Re: One Hundred Years Ago
« Reply #5818 on: October 24, 2017, 03:45:27 AM »
From the Imperial War Museum.


Quote
Wrecked Italian transport and captured gun position in the mountains, 24 October 1917.
http://www.iwm.org.uk/collections/item/object/205308024


Quote
Captain John Theobald Milne MC. Unit: 48th Squadron, Royal Flying Corps. Death: 24 October 1917 Missing Western Front.  Details confirmed in CWGC Son of Mr. and Mrs. J. A. Milne, of 24, Half Moon St., London, W.
http://www.iwm.org.uk/collections/item/object/205385886


Quote
Second Lieutenant John Darg Laing. Unit: No. 19 Squadron, Royal Flying Corps. Death: 24 October 1917, Western Front.  CWGC family information: son of Mrs. M. P. Laing.
http://www.iwm.org.uk/collections/item/object/205384188


From the Europeana Collection.


Quote
Machine gun in fire position.  Date: 1917-10-24.
https://www.europeana.eu/portal/en/record/9200291/BibliographicResource_3000073596114.html?utm_source=api&utm_medium=api&utm_campaign=api2demo  http://www.bildarchivaustria.at/Pages/Search/Result.aspx?p_eBildansicht=2&p_ItemID=2  https://creativecommons.org/publicdomain/mark/1.0/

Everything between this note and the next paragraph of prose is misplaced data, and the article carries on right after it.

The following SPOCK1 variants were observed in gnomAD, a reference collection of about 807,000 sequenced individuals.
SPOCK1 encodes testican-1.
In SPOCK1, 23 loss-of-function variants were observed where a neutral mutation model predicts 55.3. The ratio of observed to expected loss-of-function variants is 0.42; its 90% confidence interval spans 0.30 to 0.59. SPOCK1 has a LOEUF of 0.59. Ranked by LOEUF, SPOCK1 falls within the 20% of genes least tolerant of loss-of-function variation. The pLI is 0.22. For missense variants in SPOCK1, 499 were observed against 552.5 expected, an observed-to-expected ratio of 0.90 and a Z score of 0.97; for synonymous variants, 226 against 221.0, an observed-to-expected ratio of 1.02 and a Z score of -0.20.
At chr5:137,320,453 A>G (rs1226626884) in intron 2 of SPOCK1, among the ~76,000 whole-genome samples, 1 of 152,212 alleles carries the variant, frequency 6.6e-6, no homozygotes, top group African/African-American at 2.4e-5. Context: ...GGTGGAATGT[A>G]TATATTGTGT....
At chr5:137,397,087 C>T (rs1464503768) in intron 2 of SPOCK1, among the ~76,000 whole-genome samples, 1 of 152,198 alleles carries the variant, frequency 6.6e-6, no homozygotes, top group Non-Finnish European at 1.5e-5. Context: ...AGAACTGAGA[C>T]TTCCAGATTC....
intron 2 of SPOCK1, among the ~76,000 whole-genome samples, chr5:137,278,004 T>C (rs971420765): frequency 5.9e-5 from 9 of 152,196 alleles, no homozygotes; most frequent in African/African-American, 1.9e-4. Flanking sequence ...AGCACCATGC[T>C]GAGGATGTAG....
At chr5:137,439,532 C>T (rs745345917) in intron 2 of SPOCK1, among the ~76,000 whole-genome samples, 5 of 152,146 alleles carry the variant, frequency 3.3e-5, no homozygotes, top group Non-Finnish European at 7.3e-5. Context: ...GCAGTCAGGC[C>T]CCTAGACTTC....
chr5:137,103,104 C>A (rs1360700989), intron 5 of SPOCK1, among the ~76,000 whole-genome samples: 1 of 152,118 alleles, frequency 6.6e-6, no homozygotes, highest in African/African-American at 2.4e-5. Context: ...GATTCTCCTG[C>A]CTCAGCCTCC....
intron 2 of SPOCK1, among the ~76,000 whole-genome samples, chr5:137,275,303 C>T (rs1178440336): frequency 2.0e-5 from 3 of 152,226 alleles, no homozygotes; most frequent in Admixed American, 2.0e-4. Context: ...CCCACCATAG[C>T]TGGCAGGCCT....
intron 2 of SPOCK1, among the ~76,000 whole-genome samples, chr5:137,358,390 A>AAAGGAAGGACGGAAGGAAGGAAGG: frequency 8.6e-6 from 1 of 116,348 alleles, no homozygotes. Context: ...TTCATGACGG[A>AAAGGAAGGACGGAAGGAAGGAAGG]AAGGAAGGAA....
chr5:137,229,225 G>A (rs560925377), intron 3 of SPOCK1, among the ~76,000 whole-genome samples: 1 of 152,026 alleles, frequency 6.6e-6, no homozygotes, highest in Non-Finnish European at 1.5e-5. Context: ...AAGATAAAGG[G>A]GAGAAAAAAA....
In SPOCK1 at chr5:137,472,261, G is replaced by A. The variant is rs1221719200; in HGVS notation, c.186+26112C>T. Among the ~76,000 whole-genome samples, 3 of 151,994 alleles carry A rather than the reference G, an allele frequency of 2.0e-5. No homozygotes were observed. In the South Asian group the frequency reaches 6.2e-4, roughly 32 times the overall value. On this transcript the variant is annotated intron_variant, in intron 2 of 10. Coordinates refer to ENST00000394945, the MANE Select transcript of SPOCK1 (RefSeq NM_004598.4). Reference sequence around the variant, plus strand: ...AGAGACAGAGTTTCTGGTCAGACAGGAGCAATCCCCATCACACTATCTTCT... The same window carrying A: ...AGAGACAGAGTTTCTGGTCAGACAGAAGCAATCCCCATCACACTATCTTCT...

Quote
Open field kitchen Infantry regiment 1.III / B.  Date: 1917-10-24.
https://www.europeana.eu/portal/en/record/9200291/BibliographicResource_3000073596111.html?utm_source=api&utm_medium=api&utm_campaign=api2demo  http://www.bildarchivaustria.at/Pages/Search/Result.aspx?p_eBildansicht=2&p_ItemID=1  https://creativecommons.org/publicdomain/mark/1.0/


Re: One Hundred Years Ago
« Reply #5819 on: October 24, 2017, 09:49:54 PM »
The Bell Memorial, aka the Bell Monument and Telephone Monument, was unveiled in Brantford, Ontario, Canada on October 24, 1917 and Alexander Graham Bell himself was in attendance.  Info: https://en.wikipedia.org/wiki/Bell_Memorial


Quote
Bell in center, with committee members, his granddaughter, Mabel Harlakenden Grosvenor; his wife, Mabel Hubbard; and his eldest daughter Elsie.
By Park & Co - Bell Telephone Memorial Society, Public Domain, https://commons.wikimedia.org/w/index.php?curid=7721236